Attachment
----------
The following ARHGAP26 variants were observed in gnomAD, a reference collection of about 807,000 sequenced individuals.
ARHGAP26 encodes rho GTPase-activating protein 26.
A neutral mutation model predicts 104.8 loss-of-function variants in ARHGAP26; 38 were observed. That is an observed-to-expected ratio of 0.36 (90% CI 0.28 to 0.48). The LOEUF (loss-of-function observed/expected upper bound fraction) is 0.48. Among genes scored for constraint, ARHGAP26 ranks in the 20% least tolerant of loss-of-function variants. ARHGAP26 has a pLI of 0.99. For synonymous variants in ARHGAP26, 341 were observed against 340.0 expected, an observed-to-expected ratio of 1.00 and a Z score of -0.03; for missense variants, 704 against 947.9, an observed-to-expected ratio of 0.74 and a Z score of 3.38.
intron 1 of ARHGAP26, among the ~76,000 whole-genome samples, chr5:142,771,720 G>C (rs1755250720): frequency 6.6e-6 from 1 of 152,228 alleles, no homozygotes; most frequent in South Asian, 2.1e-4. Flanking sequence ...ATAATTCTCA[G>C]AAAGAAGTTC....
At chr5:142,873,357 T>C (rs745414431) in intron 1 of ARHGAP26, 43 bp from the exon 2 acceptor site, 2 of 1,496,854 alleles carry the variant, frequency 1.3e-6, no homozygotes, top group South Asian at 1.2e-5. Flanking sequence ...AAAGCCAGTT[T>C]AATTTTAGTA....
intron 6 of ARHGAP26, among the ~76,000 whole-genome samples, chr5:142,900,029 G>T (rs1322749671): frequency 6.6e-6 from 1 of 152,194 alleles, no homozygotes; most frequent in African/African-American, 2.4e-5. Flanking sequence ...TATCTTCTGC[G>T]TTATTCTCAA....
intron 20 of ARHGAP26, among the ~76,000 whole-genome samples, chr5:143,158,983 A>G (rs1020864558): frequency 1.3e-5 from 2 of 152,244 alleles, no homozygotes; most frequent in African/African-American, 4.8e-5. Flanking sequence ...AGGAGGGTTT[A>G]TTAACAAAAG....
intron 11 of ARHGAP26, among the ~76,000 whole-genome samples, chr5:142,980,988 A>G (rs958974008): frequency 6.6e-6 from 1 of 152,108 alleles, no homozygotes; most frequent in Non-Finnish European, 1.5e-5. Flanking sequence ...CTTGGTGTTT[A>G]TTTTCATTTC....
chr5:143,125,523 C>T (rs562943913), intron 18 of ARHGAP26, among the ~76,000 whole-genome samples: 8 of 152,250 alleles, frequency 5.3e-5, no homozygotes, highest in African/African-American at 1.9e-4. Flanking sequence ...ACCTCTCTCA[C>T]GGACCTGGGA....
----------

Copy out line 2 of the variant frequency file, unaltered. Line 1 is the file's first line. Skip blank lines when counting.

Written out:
ARHGAP26 encodes rho GTPase-activating protein 26.